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Fraser v Canada (Public Service Staff Relations Board), [1985] 2 SCR 455

Facts:

Fraser was a civil servant that criticized government policies (the Charter and metric conversion program). His job and the policies of his department didn’t bear on these criticized polices. He was fired.

Issue(s):

What is the scope of a civil servants right to criticize the government?

Did the adjudicator err in law in finding that Fraser’s criticisms were related to his job?

Ratio:

Public servants must not engage in sustained and highly visible attacks on major government policies.

Public servants have a duty of loyalty to their employer, except if the government is engaged in illegal acts or if its policies jeopardize the life, health or safety of the public servant or others.

Analysis:

The public service employment has two dimensions:
** 1. Employee’s tasks and how he performs them
** 2. Perception of the job held by the public

Public servants have a duty of loyalty to their employer:
** This loyalty is to the government as a whole, not the political party at any given time.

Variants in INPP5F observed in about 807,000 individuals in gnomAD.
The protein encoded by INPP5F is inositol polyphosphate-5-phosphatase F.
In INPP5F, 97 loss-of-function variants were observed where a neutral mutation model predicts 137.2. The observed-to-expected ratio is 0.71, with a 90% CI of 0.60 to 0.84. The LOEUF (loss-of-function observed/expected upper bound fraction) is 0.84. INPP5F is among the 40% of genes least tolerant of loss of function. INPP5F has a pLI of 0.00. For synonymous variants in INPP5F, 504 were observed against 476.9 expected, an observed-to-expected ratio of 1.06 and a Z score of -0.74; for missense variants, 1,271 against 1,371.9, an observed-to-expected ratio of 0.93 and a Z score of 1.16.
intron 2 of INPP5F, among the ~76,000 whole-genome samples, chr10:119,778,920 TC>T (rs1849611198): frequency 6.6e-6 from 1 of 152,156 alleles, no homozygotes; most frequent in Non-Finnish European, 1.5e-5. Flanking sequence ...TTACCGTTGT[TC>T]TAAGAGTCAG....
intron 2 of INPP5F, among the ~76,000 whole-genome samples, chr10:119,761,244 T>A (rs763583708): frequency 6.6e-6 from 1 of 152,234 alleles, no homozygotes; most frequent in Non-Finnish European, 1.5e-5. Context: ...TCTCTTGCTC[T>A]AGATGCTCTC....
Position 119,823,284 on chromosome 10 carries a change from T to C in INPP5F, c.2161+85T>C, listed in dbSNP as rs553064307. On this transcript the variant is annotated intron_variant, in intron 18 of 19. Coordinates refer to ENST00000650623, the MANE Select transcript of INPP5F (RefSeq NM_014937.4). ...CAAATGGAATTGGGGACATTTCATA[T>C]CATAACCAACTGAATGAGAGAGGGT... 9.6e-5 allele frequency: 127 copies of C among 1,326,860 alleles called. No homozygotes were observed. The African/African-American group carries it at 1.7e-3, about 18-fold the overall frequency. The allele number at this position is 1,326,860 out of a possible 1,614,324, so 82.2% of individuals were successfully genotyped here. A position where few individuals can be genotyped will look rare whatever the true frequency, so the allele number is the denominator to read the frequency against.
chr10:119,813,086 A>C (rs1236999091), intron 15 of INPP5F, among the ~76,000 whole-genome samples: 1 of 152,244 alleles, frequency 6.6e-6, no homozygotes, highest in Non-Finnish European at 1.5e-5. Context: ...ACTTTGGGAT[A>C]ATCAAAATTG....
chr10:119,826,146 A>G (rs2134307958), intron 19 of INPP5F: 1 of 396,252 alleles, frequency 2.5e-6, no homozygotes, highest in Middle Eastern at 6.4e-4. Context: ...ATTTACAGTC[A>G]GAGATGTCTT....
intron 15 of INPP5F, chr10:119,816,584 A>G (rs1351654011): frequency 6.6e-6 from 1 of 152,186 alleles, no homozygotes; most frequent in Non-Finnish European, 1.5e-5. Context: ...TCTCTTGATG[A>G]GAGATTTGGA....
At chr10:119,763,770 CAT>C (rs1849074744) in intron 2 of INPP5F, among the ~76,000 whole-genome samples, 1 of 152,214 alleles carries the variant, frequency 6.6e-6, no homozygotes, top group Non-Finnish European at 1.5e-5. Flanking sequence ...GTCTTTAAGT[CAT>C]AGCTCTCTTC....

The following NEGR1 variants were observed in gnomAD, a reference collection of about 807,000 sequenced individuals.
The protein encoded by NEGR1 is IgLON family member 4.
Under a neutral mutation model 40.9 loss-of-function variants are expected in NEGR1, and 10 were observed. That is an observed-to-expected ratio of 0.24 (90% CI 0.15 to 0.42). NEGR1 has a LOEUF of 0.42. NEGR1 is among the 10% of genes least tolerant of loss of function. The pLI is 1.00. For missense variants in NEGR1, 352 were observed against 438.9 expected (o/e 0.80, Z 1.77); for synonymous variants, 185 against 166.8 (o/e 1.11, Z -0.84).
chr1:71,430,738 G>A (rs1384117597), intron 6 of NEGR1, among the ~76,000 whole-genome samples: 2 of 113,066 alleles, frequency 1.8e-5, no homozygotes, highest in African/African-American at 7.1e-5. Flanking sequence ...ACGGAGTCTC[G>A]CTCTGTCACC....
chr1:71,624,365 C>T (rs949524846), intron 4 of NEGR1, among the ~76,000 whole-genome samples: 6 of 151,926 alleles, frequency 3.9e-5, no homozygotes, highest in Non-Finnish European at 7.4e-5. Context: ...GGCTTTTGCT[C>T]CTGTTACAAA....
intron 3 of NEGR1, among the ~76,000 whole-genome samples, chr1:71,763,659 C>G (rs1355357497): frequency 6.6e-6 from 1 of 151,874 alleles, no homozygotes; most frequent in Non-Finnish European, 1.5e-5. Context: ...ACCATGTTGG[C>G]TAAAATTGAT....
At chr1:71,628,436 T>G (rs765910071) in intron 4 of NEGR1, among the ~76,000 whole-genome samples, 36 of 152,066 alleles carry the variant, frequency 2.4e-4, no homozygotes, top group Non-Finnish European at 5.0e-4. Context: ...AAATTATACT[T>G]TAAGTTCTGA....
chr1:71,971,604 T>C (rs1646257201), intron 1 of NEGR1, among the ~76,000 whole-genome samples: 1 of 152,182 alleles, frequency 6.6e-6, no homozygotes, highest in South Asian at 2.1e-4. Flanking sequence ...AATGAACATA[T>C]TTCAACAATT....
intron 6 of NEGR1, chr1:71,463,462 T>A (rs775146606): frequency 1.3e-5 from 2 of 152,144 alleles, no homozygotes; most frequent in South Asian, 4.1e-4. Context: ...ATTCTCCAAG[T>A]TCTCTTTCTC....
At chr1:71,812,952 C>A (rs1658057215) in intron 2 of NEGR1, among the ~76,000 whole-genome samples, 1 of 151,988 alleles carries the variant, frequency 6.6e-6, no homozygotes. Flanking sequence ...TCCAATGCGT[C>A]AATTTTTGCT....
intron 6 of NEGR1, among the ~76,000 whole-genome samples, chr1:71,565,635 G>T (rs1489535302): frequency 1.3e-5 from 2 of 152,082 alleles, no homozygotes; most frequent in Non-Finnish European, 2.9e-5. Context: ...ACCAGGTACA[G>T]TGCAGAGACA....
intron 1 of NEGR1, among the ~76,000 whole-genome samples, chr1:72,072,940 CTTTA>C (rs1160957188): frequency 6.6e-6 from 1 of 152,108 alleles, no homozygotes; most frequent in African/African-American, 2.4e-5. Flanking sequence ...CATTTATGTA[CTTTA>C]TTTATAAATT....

** Exception: publicly expressing opposition to the government policies would be acceptable if the government was engaged in illegal acts or if its policies jeopardized the life, health or safety of the public servant or others. Fraser is not one of these cases

Justification for public service neutrality/loyalty:
** 1. The Public might cease to believe in the impartiality of the civil service
** 2. Ministers might not trust the permanent civil service; this would lead to nepotism and patronage.

Public servants must not engage in sustained and highly visible attacks on major government policies. Steps of analysis:
** 1. Is there a breach of the duty of loyalty?
** 2. Is it in a highly visible and sustained way?
** 3. Is it about a major government policy?
** 4. Does the exception apply?

Holding:

Decision in favour of PSSRB.


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